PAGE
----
Water is a powerful weapon against obesity and diabetes
In a new study, experts describe how drinking water can protect against metabolic syndrome. The researchers discovered that while fructose stimulates the release of vasopressin, a hormone linked to obesity and diabetes, water can suppress the hormone and alleviate these conditions in mice.
Study lead author Dr. Miguel A. Lanaspa is an associate professor at the University of Colorado School of Medicine who specializes in renal disease and hypertension.
“The clinical significance of this work is that it may encourage studies to evaluate whether simple increases in water intake may effectively mitigate obesity and metabolic syndrome,” said Dr. Lanaspa.
The researchers set out to investigate why vasopressin, which maintains the body’s water levels, is elevated in people with obesity and diabetes.
In an experiment based on a mouse model, the experts fed mice sugar water – specifically fructose – and noticed that it stimulated the brain to make vasopressin. As a result, the vasopressin stored the water as fat, causing dehydration that triggered obesity. When the mice were treated with non-sugary water, their obesity was reduced.
According to Dr. Lanaspa, this is the first time scientists have shown how vasopressin acts on dietary sugar to cause obesity and diabetes.
“We found that it does this by working through a particular vasopressin receptor known as V1b. This receptor has been known for a while but no one has really understood its function. We found that mice lacking V1b were completely protected from the effects of sugar. We also show that the administration of water can suppress vasopressin and both prevent and treat obesity.”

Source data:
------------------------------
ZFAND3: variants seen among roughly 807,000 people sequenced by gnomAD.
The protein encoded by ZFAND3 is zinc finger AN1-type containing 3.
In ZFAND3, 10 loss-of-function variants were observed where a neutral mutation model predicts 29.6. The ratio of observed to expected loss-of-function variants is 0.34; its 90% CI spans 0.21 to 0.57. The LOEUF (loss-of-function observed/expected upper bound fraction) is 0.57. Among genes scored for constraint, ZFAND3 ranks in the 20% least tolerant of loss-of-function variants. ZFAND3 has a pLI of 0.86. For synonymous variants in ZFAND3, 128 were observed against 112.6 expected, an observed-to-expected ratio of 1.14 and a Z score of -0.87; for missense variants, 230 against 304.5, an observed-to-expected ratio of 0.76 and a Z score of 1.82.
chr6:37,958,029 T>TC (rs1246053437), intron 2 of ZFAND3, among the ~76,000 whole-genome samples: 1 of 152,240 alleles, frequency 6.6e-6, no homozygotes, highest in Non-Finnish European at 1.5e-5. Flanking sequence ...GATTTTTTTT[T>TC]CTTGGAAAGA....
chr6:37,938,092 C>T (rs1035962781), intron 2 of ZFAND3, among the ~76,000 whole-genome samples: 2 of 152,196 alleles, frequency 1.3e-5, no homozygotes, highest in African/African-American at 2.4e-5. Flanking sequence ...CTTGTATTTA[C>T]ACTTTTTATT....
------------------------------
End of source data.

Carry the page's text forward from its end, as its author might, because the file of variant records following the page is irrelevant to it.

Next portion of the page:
The researchers also discovered that dehydration can stimulate the formation of fat. “This explains why vasopressin is so high in desert mammals as they do not have easy access to water,” noted study co-author Dr. Richard Johnson. “So vasopressin conserves water by storing it as fat.”
The findings support previous observations that obese patients often exhibit signs of dehydration. The research also explains why high salt diets tend to cause obesity and diabetes.
The study revealed that water therapy effectively protects against metabolic syndrome, which is a collection of coexisting conditions including high blood pressure, high blood sugar, and high triglyceride levels. Metabolic syndrome greatly increases the risk of heart disease, stroke, and type 2 diabetes.
“The best way to block vasopressin is to drink water,” said Dr. Lanaspa. “This is hopeful because it means we may have a cheap, easy way of improving our lives and treating metabolic syndrome.”
“Sugar drives metabolic syndrome in part by the activation of vasopressin. Vasopressin drives fat production likely as a mechanism for storing metabolic water,” concluded said Dr. Johnson. “The potential roles of hydration and salt reduction in the treatment of obesity and metabolic syndrome should be considered.”
The study is published in the journal JCI Insight.